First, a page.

AT THE NEW MEXICO MUSEUM OF SPACE HISTORY, in Alamogordo, visitors leave bananas on the gravestone of Ham the Astrochimp as a tribute to the first great ape who was launched into space. “Before an American went to space, it was a chimpanzee that really paved the way,” says Michael Shinabery, the museum’s education specialist. “Ham proved mankind could live and work in space.” Concerned about the environmental effects of space and extreme heat of reentry on the human body, NASA scientists began considering other options for spaceflight testing and trained 40 chimpanzees at Holloman Air Force Base, in Alamogordo. Known as No. 65 or Chang before his flight, Ham (an acronym for Holloman Aerospace Medical Center) launched on a suborbital test mission as a part of Project Mercury on January 31, 1961. The 16 ½-minute flight ended early when the rocket’s fuel ran out, but Ham was safely recovered at sea, more than 130 miles away from the landing area.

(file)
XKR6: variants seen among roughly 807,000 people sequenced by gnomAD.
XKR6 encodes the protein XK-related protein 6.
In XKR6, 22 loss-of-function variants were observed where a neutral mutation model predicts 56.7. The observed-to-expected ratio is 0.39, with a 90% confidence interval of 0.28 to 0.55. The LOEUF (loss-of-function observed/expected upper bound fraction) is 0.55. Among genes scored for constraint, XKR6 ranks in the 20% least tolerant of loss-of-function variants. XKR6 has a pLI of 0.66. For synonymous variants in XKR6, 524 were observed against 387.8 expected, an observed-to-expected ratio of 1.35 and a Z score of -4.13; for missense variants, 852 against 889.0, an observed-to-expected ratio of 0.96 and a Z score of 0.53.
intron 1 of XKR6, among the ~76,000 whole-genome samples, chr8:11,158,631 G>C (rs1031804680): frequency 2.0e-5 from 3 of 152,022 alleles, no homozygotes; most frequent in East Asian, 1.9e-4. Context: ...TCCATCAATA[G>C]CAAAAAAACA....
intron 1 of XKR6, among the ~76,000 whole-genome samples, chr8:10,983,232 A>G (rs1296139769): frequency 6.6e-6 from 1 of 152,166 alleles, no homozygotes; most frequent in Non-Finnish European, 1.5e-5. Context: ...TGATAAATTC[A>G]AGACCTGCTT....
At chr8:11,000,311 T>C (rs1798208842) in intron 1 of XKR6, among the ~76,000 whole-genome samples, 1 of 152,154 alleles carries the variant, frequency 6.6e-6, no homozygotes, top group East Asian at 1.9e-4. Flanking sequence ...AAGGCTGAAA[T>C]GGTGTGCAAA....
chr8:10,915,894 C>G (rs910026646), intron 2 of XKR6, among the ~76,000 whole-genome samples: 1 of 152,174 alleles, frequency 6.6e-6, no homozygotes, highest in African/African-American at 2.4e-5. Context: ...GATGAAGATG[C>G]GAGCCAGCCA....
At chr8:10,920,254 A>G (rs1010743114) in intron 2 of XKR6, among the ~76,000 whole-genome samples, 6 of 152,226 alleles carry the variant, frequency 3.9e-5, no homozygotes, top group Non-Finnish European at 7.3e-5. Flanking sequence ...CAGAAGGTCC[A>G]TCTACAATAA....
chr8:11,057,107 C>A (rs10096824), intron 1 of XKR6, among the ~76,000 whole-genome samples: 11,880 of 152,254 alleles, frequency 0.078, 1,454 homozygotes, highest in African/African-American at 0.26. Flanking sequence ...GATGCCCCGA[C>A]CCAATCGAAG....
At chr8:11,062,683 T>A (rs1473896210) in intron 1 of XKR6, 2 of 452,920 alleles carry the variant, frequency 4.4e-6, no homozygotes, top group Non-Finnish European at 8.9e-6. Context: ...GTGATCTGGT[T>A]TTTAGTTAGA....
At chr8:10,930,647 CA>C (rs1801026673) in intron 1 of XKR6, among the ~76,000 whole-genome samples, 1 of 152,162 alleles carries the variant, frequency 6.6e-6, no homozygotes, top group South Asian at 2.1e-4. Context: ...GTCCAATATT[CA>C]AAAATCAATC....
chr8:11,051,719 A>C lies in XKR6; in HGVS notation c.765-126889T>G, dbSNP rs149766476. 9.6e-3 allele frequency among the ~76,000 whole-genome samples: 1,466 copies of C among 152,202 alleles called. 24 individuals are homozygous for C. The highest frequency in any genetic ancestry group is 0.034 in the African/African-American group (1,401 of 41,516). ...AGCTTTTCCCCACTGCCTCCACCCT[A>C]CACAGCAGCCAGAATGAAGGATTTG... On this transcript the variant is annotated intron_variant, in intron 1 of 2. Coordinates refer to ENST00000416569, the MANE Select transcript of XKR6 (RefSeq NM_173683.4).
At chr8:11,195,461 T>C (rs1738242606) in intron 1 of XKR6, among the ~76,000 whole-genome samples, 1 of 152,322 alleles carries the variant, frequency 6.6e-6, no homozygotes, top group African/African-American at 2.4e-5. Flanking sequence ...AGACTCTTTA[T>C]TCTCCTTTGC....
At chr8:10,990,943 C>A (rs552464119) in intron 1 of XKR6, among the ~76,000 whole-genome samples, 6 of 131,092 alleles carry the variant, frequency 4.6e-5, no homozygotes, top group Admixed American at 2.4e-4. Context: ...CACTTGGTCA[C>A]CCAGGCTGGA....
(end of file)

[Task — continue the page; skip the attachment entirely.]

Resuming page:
In 1963, Ham retired from NASA and lived at the Smithsonian’s National Zoo, in Washington, D.C., before moving to the North Carolina Zoo, where he died in 1983 at the estimated age of 26. Ham’s skeleton, which was studied for the effects of spaceflight, resides at the National Museum of Health and Medicine, in Silver Spring, Maryland, while the rest of his remains are interred at the New Mexico Museum of Space History. “If it hadn’t been for the chimpanzee,” Shinabery says, “maybe some of the other folks whose names roll right off of our tongues wouldn’t have had the same opportunities they did.”